Other posts on this topic

AI writer, plagiarism and teaching

Teach using AI-writer



This post was edited and updated 2019-03-18

AI writer, plagiarism and teaching

When you hear the term Artificial Intelligence (AI) you might think of humanoid robots or speech recognition on your phone such as Siri of Google Assistant, but AI services are becoming readily available in all sorts of applications.

AI writer is a text generating AI freely available for anyone on the internet. The chances are students are already using this. If students have not yet discovered this at least it should be safe to say that in alla probability students will be ahead of the teaching community.

Ai writer works like this; you type in a few keywords, for example, “battle of Hastings, British history, Norman conquest”, and your email adress and then simply click the box “write article”. An AI written text with references is then sent to your email and you can retrieve it from your inbox.

In this example (the Battle of Hastings) I received a message and a link to a text to my email.

The AI generated text starts like this;

On October 14, 1066, in England, the Battle of Hastings, King Harold II ( 1022-66 ) of England was defeated by the Norman forces of William the Conqueror ( c. 1028-87 ) .King Harold II of England is defeated by the Norman forces of William the Conqueror at has’s Battle, fought on senlake Hill, seven miles from has, England .3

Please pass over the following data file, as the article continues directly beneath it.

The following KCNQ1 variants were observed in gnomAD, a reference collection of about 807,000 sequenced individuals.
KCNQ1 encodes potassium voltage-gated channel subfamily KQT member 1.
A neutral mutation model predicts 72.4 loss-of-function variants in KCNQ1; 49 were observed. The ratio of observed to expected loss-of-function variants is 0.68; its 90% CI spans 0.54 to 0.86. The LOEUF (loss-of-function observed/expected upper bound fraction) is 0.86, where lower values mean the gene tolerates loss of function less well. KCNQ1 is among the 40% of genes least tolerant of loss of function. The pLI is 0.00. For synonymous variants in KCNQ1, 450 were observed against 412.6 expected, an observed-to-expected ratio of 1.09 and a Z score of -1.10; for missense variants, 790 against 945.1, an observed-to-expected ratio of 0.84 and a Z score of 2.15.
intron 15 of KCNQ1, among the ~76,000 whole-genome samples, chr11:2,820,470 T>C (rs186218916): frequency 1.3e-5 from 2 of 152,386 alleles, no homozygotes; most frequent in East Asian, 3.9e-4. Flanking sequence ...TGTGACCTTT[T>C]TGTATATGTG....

As part of a rebellion against the new Norman invaders, the Wake of the abbey was plundered in Peterborough .22
After the victory of the head, the count of mercy was killed in the uprising against William his castle and the lands of Dudley were given to William’s Norman supporters .22 It is possible that William the Conqueror planned to attack King Malcolm to prevent Edgar from protecting the aether heli and stop him from advancing in the north of England .22
Edgar the Aetheling joined forces with King Malcolm in Scotland and King Philippe I of France in an attempt to take the throne of English .22

For the full text please follow the link above.

This AI generated text, with some adjustments, would cause trouble for the anti-plagiarism tools used in many Learning Management Platforms (LMS), but would probably not slip past the experienced teacher. In my experience teachers tend to know their students and how they write, and would react to a change of style and level of proficiency. At this point the AI writer is still quite rudimentary, but AIs are developing at breakneck speed and we should keep an eye on what they can (and cannot) do.


I will be posting ideas on how you can use an AI writer as a teaching and learning tools instead of battling it as sneaky sources of plagiarism (which it can be).


Other posts on this topic

The AI that recognises writing style

Teach using AI-writer


This post was edited and updated 2019-03-18